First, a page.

When a band has been together for ten years and reached their fourth album, situations change. Expectations and motivations may be completely different to when you started out. Some bands, if they are lucky enough to reach this point, may be creatively burnt out, flat lining after years of torturous grind. Conversely, they may have found themselves distorted by success with the essence of the band lost in a mainstream merry-go-round jumble. Blood Red Shoes aren’t like other bands though. As the two-piece of guitarist Laura-Mary Carter and drummer Steven Ansell release their self-titled new record, it’s quickly apparent that as a band they are in a very good place right now. A feeling of optimism is imbued on an aggressive, direct and hugely melodic album.
As Laura-Mary explains, the band approached their latest effort in an extremely positive frame of mind: “I feel like coming to do this fourth album we had this realisation of, wow, we’re still fucking here,” she says enthusiastically. “There’s so many bands that we’ve seen come and go and we’ve experienced so much stuff in the ten years that we’ve been together. There’s this weird confidence that you get when you realise that you’re still here. People are still coming to our shows, we haven’t gone down, and we’re still slowly growing. That’s an amazing position to be in. There’s a confidence in that that comes across in the record. I think it felt like a positive record. It’s more of a positive sounding thing. It’s a grateful feeling as well.”
With the band in such a vibrant mindset, it felt like the perfect opportunity for them to do something different and trust their own instincts as a band. “The thing about our band is that we like to do the opposite,” says Laura-Mary. “When we made ‘In Time To Voices’ we really tried to do something different to the previous album and experiment a bit more with layers and melancholy type songs with different tempos. As soon as we’d done that we just wanted to make a pop record but with loads of heavy, scuzzy sounding guitars.’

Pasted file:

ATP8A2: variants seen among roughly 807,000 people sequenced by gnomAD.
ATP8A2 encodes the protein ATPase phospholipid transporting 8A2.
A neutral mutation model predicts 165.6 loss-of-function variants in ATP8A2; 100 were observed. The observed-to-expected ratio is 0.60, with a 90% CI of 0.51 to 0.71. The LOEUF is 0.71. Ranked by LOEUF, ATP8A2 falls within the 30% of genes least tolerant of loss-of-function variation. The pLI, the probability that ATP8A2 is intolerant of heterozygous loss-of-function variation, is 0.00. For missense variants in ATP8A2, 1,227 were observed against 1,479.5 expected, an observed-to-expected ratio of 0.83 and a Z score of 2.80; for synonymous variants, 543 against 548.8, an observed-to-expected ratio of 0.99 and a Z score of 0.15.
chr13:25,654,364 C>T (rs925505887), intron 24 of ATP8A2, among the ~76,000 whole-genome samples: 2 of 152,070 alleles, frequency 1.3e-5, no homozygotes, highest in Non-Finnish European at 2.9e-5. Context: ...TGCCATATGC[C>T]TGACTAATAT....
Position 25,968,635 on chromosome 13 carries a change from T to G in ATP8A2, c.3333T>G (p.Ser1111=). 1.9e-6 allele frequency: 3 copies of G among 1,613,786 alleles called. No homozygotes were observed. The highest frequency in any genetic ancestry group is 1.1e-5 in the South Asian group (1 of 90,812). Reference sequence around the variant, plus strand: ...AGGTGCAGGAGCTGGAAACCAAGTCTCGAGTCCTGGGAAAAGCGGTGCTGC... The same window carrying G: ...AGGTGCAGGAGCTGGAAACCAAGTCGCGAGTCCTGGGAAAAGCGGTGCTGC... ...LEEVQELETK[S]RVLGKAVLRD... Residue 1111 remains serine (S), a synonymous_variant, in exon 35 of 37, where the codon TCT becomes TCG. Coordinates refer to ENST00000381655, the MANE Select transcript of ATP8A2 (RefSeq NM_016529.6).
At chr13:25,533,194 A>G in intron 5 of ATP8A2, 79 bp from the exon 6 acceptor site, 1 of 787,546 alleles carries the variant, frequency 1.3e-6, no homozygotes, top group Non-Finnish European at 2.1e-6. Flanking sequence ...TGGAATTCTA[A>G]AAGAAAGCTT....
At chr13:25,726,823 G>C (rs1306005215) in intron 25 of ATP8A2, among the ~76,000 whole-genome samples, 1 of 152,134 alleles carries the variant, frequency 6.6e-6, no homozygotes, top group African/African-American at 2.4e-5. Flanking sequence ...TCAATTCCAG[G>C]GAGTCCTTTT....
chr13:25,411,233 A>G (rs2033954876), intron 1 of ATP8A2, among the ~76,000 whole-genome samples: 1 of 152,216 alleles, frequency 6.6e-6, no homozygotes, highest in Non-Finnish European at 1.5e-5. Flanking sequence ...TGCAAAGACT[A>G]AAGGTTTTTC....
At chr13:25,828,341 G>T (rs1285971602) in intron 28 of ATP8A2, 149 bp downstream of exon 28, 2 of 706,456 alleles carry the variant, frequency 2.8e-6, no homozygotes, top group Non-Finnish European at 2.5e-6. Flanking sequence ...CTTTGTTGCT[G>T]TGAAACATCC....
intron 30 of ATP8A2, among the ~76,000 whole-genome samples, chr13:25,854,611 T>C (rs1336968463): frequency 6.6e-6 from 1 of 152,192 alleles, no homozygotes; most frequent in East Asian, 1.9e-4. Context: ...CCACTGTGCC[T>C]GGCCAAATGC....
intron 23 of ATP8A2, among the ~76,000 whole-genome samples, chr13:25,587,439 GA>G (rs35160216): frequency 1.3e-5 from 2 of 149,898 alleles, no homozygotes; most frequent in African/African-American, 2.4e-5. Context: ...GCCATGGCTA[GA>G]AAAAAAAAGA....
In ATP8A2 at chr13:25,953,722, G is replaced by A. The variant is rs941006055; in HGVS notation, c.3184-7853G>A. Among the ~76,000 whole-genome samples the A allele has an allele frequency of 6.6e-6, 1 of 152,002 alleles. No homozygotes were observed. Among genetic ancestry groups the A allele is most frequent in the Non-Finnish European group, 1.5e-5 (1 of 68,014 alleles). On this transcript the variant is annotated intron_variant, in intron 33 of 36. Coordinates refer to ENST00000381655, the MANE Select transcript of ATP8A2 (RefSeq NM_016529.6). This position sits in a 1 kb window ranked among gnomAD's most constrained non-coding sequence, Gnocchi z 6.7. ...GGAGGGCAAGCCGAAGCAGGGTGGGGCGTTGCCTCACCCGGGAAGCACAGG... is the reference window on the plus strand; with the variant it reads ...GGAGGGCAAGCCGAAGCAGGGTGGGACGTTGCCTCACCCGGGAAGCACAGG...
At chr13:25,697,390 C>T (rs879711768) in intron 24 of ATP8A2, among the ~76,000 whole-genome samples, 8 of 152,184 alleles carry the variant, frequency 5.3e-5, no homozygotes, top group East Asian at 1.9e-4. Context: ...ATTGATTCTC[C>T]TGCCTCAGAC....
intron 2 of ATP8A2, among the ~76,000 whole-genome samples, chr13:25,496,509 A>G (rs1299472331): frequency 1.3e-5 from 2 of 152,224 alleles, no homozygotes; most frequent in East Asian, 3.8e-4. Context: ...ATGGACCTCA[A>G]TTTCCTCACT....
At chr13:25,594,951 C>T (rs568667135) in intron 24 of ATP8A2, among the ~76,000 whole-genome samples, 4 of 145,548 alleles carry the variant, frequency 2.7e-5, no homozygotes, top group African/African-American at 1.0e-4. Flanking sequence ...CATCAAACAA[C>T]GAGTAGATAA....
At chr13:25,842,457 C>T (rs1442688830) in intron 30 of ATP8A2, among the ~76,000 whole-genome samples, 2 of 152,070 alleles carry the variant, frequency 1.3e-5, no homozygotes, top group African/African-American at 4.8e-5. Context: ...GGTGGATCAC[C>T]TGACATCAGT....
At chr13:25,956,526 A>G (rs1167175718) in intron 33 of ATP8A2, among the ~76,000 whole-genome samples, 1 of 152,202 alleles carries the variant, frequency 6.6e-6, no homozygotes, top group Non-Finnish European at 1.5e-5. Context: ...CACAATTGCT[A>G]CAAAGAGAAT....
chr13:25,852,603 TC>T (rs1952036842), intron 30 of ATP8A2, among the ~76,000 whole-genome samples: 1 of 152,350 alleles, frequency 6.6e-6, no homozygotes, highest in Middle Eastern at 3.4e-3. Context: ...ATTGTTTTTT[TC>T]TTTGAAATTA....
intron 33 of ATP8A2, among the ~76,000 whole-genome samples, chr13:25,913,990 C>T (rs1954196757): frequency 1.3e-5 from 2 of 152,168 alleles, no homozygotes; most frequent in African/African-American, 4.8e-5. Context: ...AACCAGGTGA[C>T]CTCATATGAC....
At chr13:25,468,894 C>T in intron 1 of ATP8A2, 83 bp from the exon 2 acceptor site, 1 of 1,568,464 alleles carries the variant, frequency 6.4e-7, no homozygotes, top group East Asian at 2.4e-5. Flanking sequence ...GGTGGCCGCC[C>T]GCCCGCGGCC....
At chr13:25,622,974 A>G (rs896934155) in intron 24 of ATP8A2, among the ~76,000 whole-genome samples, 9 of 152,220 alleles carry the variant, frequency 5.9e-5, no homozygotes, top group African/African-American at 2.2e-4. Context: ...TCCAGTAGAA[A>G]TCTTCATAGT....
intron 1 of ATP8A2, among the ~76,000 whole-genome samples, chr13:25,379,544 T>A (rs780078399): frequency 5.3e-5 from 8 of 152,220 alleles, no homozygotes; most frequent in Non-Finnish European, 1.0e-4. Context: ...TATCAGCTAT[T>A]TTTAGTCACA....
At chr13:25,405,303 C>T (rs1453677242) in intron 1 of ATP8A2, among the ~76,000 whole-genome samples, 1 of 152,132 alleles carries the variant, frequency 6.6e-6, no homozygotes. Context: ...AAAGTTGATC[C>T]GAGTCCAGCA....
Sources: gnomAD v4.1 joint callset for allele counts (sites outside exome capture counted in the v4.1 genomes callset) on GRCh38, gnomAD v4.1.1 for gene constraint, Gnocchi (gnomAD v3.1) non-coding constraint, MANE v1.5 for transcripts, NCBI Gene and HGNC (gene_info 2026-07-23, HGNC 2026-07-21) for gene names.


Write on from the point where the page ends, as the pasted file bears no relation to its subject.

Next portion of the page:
The record they’ve made is the ultimate realisation of the band’s love of heavy, visceral, yet melodic, rock music. All the conflictions of their previous records melt away into something primal, thrilling and spontaneous: “We’ve always been into heavy music, sometimes it hasn’t always come across as much in our records. Live usually it’s a bit more of a heavy sound. We’ve just been learning as we’ve gone along. That’s the kind of stuff we really like. This record finally has that aggression and the heavy sound that we’ve been trying to get.”